The P-30 has no control for changing the film speed. The setting is by DX-encoding from the film 35mm film cassette only. The Film DX range is 25 to 1600 ASA. If the camera can’t read the DX-encoding it defaults to 100 ASA.

Other Features include:

Self Timer. The Self-timer runs for 12 seconds and is set by first pushing down the small button in front of the on/off switch on the left of the top plate, while at the same time sliding the on/off switch forward. Push the shutter release button to start the timer. A red LED on the front of the camera flashes until the shutter fires.

The depth of Field lever on the side of the lens mount.

Shutter: Electronic verticle metal blades.

Manual Exposure Lock on the opposite side of the lens mount. To use this button set the correct exposure, hold down the button, and then re-frame your shot. The meter is centre-weighted. Exposure range 1 – 18 EV.

Batteries 2 x 1.5-volt button cells: A76, LR44, or AG13. These are readily available. The downside of the electronic shutter is that with flat batteries not only does the meter stop working; the shutter won’t fire either. So always keep a few spare sets of batteries in your camera bag. The meter switches itself off after a few seconds of inactivity but it is best to switch it off yourself with the toggle switch on top of the camera.

Flash Synchronization is at 1/100 of a second set on the shutter speed wheel.

B-Setting for longer exposures set on the shutter speed wheel. There is a cable release socket on the bottom left side of the lens housing. Not all P30s have this cable-release socket. Mine does.

Overall an excellent compact 35mm SLR film camera with basic features. As mentioned above when Pentax-A mount lenses are fitted the P30 has that handy program mode enabling you to point, focus, and shoot very quickly.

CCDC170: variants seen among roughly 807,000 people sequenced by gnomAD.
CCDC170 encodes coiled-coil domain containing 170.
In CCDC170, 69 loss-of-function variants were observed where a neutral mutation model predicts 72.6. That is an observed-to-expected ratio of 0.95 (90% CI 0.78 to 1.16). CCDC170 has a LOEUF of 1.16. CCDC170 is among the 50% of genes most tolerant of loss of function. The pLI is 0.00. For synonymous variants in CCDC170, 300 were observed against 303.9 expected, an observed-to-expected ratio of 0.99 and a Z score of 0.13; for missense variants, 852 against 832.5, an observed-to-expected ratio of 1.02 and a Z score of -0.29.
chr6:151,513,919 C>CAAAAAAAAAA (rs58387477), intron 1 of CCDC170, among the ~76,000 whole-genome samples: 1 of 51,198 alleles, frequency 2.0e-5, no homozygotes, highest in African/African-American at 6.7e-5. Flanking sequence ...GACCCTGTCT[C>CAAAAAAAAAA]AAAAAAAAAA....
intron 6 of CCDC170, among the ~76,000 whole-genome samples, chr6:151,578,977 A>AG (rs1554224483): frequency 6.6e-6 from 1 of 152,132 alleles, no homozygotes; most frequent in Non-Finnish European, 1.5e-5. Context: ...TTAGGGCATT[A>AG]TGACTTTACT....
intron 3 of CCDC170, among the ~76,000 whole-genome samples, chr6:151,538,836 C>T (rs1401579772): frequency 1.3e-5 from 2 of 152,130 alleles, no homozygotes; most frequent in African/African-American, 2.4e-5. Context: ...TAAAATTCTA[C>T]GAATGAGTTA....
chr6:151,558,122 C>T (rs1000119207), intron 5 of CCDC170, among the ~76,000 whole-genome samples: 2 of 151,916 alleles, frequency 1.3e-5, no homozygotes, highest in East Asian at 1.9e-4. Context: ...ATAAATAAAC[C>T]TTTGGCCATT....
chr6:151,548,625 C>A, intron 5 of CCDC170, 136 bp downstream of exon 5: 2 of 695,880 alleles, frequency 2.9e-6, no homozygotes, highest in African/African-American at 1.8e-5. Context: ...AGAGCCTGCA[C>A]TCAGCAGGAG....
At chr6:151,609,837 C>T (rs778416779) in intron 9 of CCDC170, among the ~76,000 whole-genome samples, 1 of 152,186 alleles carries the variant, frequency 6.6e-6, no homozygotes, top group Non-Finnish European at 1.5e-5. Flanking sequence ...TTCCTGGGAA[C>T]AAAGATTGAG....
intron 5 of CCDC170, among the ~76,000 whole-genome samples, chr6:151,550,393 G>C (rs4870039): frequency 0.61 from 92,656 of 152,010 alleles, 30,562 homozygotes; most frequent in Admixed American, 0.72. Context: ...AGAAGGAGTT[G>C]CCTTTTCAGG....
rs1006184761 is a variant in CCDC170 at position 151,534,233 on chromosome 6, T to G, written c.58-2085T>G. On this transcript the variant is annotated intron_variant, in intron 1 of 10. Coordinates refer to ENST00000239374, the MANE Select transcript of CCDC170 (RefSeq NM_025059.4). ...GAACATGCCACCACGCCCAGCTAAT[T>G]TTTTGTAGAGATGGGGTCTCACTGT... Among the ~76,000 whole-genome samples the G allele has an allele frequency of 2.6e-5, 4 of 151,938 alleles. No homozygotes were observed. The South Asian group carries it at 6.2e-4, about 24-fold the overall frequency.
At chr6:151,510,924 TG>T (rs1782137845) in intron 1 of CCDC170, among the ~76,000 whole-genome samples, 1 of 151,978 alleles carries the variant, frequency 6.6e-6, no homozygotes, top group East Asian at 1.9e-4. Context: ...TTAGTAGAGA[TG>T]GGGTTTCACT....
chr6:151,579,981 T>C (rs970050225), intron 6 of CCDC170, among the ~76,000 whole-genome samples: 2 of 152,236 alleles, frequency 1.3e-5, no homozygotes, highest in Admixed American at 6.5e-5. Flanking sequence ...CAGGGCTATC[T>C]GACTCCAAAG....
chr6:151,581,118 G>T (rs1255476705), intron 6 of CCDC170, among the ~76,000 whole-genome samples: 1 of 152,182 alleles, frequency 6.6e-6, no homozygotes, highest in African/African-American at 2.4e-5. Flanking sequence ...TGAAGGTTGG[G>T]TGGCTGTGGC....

You can purchase a good working Pentax P-30 and Pentax-M 50mm f2 lens on for as little as NZ$50.00. A real photographic bargain!

Photo Gallery – All shots taken with the Pentax P30

There is plenty of great information on old Pentax K-mount cameras at Bojidar Dimitrov’s Pentax K-Mount Page

Here is a good review of the slightly later model Pentax P30T at Matt’s Classic Cameras.

Allan Burgess

Leave a Comment

Leave a Comment

Your email address will not be published. Required fields are marked*

Published by
Allan Burgess

Recent Posts

Canvastown, Trout Hotel and Wakamarina Valley Gold Rush – Marlborough

Canvastown, Trout Hotel and Wakamarina Valley Gold Rush of 1864 - Marlborough, New Zealand By…

2 years ago

Cross Processing 35mm Film and the Costs Associated with Shooting Film

Cross Processing and the Cost of Shooting Film By Allan Burgess Above: Rangi II at…

2 years ago

Olympus Mju-II 35mm Film Compact f2.8 Lens a.k.a. Stylus Epic

Olympus Mju II - first released in 1997 Some 3.5 million copies of the Olympus…

3 years ago

Improving Rangefinder Patch Contrast

How to Fix - Improving Rangefinder Patch Contrast to make it easier to Focus By…

3 years ago

Olympus XA – Rangefinder 35mm f2.8 Lens with 6 Elements

Olympus XA The Olympus XA is a 35mm aperture priority rangefinder film camera. It fits…

3 years ago

Olympus Mju 1 Review 35mm Lens f3.5 a.k.a. Infinity Stylus

Olympus Mju-1 35mm Point-and-Shoot Film Camera Review The Olympus μ [mju]-1 is a basic small…

4 years ago